Tips for a Healthy Valentine's Day
unknown Jan 30, 2015
From intimate meals to decadent desserts, couples across the globe will be celebrating romance this February 14th. Love it or hate it, Valentine's Day remains one of the biggest restaurant nights of the year - one that often involves heavy dinners. But with a few tips and some planning, you can get through the big night without adding inches to your waistline.
Step away from the bread basket. If you'd like a roll, grab one then move it outside of your reaching distance. The same goes for chips, should you be at a Mexican restaurant. Grab a small handful and then stay away from them the rest of the night.
Meal modifications are key. Feel free to make special requests. Ask the waiter if they can put the sauce on the side - or to substitute veggies for the french fries. Find out if your meal can be made without butter, oil or salt...anything that could help cut down on calories. And remember: in terms of calories, grilled is usually better than fried and baked is better than braised.
Start out healthy. Consider ordering a light salad or soup to kick things off. This will help to fill you up before you dive into the big meal. You also might want to split an entrée with your significant other.
Practice portion control. Remember that restaurant sizes are often larger than normal. Consider eating half of your meal and putting the rest in a doggie bag.
Avoid all the bells and whistles. Don't add a bunch of extras to your meal. When it comes to a salad, avoid topping it off with buttery croutons, grated cheese, bacon and dollops of high-fat dressing. The same goes with a burger, baked potato and other entrees.
Think red. Red bell peppers, radicchio, cherries, strawberries, red beans, red onions and tomatoes, for example, are all packed with vitamins, cancer-fighting antioxidants or cholesterol-busting fiber and protein. In addition, a daily glass of red wine is believed to help reduce the risk of blood clots and keep the cardiovascular system in shape. So forgo that cocktail, which can be loaded with sugar, and have a glass of red wine instead (and ask if they serve a light version).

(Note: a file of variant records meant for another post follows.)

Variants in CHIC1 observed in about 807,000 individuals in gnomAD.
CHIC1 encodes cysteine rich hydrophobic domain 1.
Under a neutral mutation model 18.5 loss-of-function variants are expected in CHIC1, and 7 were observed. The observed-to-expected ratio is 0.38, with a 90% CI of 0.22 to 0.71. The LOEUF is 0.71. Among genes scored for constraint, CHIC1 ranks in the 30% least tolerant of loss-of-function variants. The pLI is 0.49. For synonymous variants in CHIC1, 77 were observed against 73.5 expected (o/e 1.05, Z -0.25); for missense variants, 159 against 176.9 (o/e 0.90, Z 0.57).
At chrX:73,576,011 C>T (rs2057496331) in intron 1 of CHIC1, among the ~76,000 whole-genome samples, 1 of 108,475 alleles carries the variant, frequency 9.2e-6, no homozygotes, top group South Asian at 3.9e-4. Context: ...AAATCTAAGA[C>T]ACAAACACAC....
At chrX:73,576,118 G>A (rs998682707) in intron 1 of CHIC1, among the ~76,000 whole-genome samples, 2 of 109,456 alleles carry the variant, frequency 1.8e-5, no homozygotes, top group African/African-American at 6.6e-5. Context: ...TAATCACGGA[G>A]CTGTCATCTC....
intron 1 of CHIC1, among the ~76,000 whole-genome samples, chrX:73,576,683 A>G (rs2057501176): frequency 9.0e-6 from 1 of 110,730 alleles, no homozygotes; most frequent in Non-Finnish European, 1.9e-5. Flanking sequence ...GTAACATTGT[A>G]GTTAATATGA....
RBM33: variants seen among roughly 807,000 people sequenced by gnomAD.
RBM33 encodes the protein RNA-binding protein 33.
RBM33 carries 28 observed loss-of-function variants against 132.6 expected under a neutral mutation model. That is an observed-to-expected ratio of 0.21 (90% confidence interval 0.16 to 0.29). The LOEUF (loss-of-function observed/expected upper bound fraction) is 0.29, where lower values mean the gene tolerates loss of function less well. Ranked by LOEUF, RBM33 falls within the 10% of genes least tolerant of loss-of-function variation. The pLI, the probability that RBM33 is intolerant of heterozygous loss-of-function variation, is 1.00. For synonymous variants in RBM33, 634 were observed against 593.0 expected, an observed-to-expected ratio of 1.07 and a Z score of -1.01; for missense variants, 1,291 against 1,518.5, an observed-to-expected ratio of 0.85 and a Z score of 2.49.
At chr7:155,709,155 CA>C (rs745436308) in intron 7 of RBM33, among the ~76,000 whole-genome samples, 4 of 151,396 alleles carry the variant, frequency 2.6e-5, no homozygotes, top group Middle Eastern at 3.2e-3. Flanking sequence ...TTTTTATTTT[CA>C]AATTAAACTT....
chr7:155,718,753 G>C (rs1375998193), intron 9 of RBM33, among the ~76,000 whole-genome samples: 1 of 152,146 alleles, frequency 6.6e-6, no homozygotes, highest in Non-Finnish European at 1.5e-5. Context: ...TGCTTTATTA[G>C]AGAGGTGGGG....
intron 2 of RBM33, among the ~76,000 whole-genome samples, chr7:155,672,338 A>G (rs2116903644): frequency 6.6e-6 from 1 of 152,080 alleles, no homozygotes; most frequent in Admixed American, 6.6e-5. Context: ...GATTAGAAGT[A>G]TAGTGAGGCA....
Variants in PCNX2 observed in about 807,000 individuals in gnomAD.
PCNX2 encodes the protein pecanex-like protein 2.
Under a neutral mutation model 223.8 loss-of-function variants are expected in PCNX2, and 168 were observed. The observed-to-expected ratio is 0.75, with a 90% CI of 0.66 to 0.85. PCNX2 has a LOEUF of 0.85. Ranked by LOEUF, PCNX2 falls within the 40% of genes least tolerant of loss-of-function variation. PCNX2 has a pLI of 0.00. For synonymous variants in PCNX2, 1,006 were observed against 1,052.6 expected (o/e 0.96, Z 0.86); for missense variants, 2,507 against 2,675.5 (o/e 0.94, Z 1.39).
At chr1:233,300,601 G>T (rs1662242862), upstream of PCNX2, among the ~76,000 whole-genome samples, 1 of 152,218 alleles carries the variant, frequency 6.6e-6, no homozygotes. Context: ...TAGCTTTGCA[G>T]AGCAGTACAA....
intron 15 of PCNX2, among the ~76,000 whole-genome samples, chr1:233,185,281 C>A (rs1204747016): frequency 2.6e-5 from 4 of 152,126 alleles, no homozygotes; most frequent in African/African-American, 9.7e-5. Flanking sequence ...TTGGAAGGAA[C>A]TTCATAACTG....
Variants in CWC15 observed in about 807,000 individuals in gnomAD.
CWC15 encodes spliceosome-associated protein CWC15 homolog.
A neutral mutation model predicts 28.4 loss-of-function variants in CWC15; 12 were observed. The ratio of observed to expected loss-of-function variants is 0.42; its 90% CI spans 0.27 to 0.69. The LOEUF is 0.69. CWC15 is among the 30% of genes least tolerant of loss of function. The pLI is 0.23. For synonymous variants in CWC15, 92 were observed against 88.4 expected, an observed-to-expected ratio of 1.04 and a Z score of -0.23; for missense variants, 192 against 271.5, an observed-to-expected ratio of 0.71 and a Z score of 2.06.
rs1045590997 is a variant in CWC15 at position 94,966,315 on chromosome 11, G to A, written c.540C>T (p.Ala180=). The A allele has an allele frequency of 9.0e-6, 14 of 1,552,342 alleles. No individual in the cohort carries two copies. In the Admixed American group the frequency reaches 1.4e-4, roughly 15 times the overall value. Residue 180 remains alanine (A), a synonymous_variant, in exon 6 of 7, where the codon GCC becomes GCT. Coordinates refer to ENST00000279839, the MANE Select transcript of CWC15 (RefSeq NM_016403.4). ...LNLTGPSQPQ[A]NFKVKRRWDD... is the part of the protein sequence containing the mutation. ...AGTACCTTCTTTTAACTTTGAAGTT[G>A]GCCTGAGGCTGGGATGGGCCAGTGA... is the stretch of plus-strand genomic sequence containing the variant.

Don't always give the gift of chocolate. If you and your significant other are trying to lose or maintain weight, consider purchasing a fruit basket instead of a box of chocolate, or baking a low-calorie dessert. It's also important to remember that a number of sugar-free candies and chocolate brands are available and can be found at your local grocery store or the candy section of an area pharmacy. A bouquet of flowers, healthy cookbook, personal training sessions or a day spa gift certificate could also prove worthy gift substitutes.
Do not completely deprive yourself. Valentine's Day is a time for laughter, fun and food. Having a small slice of cake or a couple truffles will not lead to weight gain. Moderation is key. And if you do pop the lid off that box of chocolates this Valentine's Day, don't feel guilty. Research indicates chocolate is chock-full of healthy compounds and may actually help prevent heart disease, enhance immune systems and give us a feeling of well-being.
Consider dining in this year. A great way to save calories, money and avoid crowds. Find an easy reduced calorie meal that you can cook with or for your significant other at home. Rent some romantic movies and make a healthy dessert, like strawberry shortcake sprinkled with your favorite low-calorie sweetener, and enjoy!